1. Cut watermelon in half. Save half for making delicious cocktails or other eating, or gift it to your next-door neighbor. They’ll love you for it. Cut off the entire rind removing everything green and white, so that only pink flesh is exposed. With the cut-side down, cut watermelon in half again, and then slicing width-wise, thinly slice each piece into triangles. Transfer to serving platter, shingling then on top of one another down the plate.
  2. Drape half of the Surryano (about eight pieces) across the watermelon shingles, from left to right.
  3. In a large bowl, mix together arugula, red onion, garden herbs, salt, pepper, and Woodford sorghum vinaigrette. Pile salad on top of watermelon and Surryano so the salad adds plenty of height to the dish. Drape the remaining Surryano across the salad. You could also mix it into the salad, if you prefer. Note: if you won’t be serving the salad immediately, wait until you are ready to serve before you dress the salad to prevent it from wilting.
  4. Sprinkle a generous pinch of PRB’s hot chicken seasoning across the top of the salad.
  5. Serve immediately.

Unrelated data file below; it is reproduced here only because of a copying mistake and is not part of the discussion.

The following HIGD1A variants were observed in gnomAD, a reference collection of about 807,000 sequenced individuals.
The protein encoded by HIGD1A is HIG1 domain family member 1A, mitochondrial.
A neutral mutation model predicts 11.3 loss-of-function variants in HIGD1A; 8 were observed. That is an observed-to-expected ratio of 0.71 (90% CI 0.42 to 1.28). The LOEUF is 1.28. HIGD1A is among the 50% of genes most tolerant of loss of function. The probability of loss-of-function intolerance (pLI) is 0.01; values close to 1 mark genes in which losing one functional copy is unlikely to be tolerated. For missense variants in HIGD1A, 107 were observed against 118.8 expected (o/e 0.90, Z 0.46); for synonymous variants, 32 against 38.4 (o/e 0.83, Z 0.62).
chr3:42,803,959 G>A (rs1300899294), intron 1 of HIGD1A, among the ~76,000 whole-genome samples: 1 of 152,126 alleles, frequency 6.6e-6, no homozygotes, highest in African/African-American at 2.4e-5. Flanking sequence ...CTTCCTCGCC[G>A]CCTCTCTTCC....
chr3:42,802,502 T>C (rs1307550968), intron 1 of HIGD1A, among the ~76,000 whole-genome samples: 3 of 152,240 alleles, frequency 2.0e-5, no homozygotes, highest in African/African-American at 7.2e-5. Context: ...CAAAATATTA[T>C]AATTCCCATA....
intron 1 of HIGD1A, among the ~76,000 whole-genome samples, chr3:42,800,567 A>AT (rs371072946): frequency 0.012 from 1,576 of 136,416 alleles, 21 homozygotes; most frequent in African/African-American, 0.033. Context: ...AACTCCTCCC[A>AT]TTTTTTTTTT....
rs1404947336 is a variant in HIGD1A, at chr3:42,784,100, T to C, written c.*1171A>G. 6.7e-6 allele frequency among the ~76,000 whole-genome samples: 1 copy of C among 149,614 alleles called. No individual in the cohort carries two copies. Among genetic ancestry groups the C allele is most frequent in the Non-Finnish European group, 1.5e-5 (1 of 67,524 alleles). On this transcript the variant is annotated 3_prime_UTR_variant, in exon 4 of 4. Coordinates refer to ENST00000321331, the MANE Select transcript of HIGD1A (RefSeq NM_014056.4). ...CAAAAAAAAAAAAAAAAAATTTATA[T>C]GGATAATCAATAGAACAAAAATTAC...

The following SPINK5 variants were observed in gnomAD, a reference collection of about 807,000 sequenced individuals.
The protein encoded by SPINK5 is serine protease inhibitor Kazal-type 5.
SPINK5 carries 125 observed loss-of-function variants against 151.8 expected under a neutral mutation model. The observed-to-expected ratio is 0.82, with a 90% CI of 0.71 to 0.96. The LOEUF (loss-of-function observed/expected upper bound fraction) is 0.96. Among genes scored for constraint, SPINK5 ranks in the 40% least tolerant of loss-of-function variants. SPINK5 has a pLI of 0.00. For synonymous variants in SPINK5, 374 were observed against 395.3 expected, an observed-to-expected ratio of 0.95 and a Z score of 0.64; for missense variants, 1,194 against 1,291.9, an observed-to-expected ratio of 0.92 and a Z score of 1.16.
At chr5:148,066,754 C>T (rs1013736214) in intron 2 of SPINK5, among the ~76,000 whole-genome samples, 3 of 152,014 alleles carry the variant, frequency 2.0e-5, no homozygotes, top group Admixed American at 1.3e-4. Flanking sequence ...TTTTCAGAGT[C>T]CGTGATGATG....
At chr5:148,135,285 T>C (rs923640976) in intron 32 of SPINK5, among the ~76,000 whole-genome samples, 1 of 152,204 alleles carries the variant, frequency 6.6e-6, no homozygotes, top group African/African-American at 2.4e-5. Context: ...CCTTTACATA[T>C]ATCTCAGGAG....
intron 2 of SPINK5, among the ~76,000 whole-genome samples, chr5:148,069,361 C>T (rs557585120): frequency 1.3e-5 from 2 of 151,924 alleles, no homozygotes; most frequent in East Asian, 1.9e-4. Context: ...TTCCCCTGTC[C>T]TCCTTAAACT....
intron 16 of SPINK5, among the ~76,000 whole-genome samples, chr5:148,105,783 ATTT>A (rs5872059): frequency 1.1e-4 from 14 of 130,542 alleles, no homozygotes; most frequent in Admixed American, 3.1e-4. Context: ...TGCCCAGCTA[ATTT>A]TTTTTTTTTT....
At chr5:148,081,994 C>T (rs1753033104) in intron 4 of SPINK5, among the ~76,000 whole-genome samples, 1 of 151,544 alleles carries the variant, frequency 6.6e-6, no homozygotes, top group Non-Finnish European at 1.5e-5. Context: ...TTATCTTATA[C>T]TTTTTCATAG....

* Virginia-bred Surryano ham, an incredibly marbled piece of meat that is created from heritage-breed Berkshire hogs, has a deep and rich flavor that nicely matches up to the hams of yesteryear from old Europe. If you’ve yet to try it, now’s the time.

**If you don’t have Hot Chicken Seasoning and don’t want to buy a whole jar, try substituting for your favorite spicy blend, or even use a pinch of plain cayenne. Any kind of spicy zing will be a nice addition.

Watermelon & Surryano Salad | Porter Road Butcher

A #SouthernSummer Memory: Falling in Love with Blueberry Pie

ForkInPieThey say scent is the strongest sense tied to memory; for me, it’s the combination of all five senses that really locks the good ones in. I have a strong memory of the first time I ever fell in love with blueberry pie, and it doesn’t all solely lie in that intoxicating smell.

As a child I didn’t care for fruit-based desserts like blueberry pie, and subsequently I turned my nose up at any sweet treat containing fruit, from apple turnovers to jelly donuts. Chocolate was my thing.